Avery Swartz, a technology consultant, author and mother of a Grade 4 student in the TDSB, echoed the same sentiments and concerns saying that “It’s a deeply unappealing choice,”.
“Especially because we went through the exercise of trying to do the online learning back in the spring. Let me just say, it did not go well.”
The TDSB has indicated it intends to resurvey parents about the decision in the coming days after one of three potential back-to-school plans presented at Tuesday’s meeting has been finalized and approved by the Ministry of Education.
Ontario’s COVID-19 Update: Province Reports More than 100 new cases for the second day in a row
For the second day in the row, Ontario Health Officials have reported more than 100 new cases of COVID-19.
Earlier this morning, Health officials confirmed an additional 102 new cases of the novel coronavirus as of Wednesday after 125 were reported just the day before, which had been the highest number since the end of July.
The province also reported that one more person has died due to COVID-19, bringing the total number of deaths to 2,792.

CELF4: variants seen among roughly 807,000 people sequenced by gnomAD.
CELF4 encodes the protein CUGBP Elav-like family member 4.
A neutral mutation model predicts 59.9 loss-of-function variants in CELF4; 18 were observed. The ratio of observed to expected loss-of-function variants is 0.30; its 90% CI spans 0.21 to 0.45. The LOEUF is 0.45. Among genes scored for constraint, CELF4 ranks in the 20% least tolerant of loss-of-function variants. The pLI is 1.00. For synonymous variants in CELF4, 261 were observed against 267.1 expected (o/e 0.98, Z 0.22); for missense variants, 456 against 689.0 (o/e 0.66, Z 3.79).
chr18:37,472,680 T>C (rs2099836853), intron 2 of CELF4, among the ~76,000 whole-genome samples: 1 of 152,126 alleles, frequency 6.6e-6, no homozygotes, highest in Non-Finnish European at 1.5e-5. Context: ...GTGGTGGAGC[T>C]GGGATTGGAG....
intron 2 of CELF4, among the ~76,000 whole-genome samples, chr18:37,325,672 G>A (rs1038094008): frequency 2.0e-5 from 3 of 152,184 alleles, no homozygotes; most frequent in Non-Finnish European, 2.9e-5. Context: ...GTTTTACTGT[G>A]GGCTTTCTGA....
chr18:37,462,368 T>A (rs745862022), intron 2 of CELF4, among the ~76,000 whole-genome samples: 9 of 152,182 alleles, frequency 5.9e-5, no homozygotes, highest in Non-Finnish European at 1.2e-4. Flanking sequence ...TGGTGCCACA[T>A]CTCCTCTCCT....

The new infections bring the province’s total number of lab-confirmed infections to 40,972, including 37,215 recoveries and the deaths.
Ontario Health Minister Christine Elliott said that 30 of the province’s 34 public health units have reported five or fewer new cases of the disease on Wednesday, with 17 of them reporting no new cases at all.
On Wednesday, Peel Region and Ottawa reported 18 new cases, Toronto reported 33 new cases and Huron Perth reported 17 new cases.
To date, more than 2.6 million COVID-19 tests have been conducted in Ontario since the virus reached the province in late January.
Despite reporting more than 100 new cases today, Health Officials reported that within the last 24 hours, a little more than 25,000 tests were conducted.
As of 10:30 a.m. on Wednesday, 15,490 test samples are still under investigation.